Conservationists are restoring the historic oasis in Al Ain.
The rejuvenation of Jimi Oasis' walls
AL AIN // Each morning for the past month a team of conservation experts has been hard at work in Al Ain's Jimi Oasis, preserving the legacy of the mud walls that - before buildings and air conditioning - provided shelter from the sandy winds and hot desert sun.
A pilot project run by the Abu Dhabi Authority for Culture and Heritage (Adach) is looking for ways to effectively restore and stabilise the walls that protect the oasis, and others like it.
Repairs to damaged sections of the walls began in January of this year after decades of decay.
"If we don't do it, we'll lose the original structures altogether," said Aqeel Aqeel, a historical building conservator with Adach who is supervising the project.
Before Al Ain was developed, shelter from the heat and access to water in the oasis made living there possible. In the past, farmers dug up ground to find fertile soil and control water drainage in the palm groves and gardens they cultivated. The clay they removed was used to craft the mud bricks and mortar that form the oasis' tall, sloping, protective walls.
But these walls have fallen into disrepair over time.
"It's not so much a reconstruction as it is the restoration and preservation of endangered walls. Some are nearing collapse," said Mr Aqeel, who is originally from Yemen. "We want to conserve it for future generations."
The project is expected to continue for at least another month, focused on a span of about 100 metres of mud wall. If the restoration succeeds, it will become a model for restoring similar structures in neighbouring oases. Of the seven oases in Al Ain, five have mud walls in need of urgent repair. Some of them are around 100 years old, and extend hundreds of kilometres throughout Al Ain.
The irrigation systems - underground channels known as "aflaj", which have kept the oasis fertile over centuries - have also damaged the inner base of the walls. Poor drainage has weakened the historic structures, as well.
As a result, the masonry is ebbing away, and some structures are collapsing. Previous attempts to restore the walls with concrete blocks have failed. Another approach was needed.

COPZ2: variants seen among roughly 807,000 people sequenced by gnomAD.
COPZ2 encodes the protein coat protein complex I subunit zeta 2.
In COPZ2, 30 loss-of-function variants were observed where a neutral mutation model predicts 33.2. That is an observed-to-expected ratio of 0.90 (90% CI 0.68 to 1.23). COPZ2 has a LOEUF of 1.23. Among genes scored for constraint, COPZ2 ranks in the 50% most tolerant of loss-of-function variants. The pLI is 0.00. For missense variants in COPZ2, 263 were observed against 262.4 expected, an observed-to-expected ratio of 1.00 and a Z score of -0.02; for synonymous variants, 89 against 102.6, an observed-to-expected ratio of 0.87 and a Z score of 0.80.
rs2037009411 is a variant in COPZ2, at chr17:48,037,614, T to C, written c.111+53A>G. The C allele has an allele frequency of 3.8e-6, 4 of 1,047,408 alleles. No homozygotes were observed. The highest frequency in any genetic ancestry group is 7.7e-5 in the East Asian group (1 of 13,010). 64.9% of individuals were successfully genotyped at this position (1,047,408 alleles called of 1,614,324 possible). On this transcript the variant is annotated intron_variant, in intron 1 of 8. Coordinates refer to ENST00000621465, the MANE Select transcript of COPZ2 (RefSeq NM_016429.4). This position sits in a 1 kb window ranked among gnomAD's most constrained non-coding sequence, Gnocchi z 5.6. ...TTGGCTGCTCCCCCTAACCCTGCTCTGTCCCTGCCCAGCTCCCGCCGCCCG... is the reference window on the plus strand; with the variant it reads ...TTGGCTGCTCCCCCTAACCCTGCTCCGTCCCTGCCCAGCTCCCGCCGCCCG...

Assessing the need for restoration is based on urgency and the resources available to the Adach team.
"We started work to see how we can preserve the overall character of the farms," Mr Aqeel said. "We've already lost a great deal of the original material in the last 50 years. The walls may not seem as significant as well-known historic buildings, but they form the heritage of Al Ain and how its history and families have developed over time. If they're covered or protected in conventional ways, the character of the site and the images of the past would be lost."
The walls are restored using similar material crafted from mud, sand and straw from nearby areas.
"These few fragments of mud walls are the original features of the landscape and part of the historic legacy of the Emirates," said Benjamin Marcus, of the United States, who is a building conservator at Adach.
"The bricks are laid out to dry and made of mud mortar - comprised of soil, chopped straw, sand and water," Mr Marcus said. "The bricks are resistant to fracture and shrink in the sun. We don't use lime to coat the exterior. The straw acts as reinforcement and helps prevent the bricks from cracking, and is one of the best types of materials for insulating from the heat. They're manually created by expert craftsmen."
Mr Aqeel pointed out that the repair was not a permanent solution, as the replacement material will not last long. However, any intervention must be suitable for the overall environment, and will require more work in future, he said.
"The distinction between new and old material is still apparent, and a visitor can tell which parts are new and which are old," he added.
Another focus of the project is to document the significance of the walls. Two conservation experts supervise around 12 workers.
Interns from UAE University in Al Ain are also trained for future protection programmes and architectural restoration. Preservationists say they hope the students will use their skills after graduation.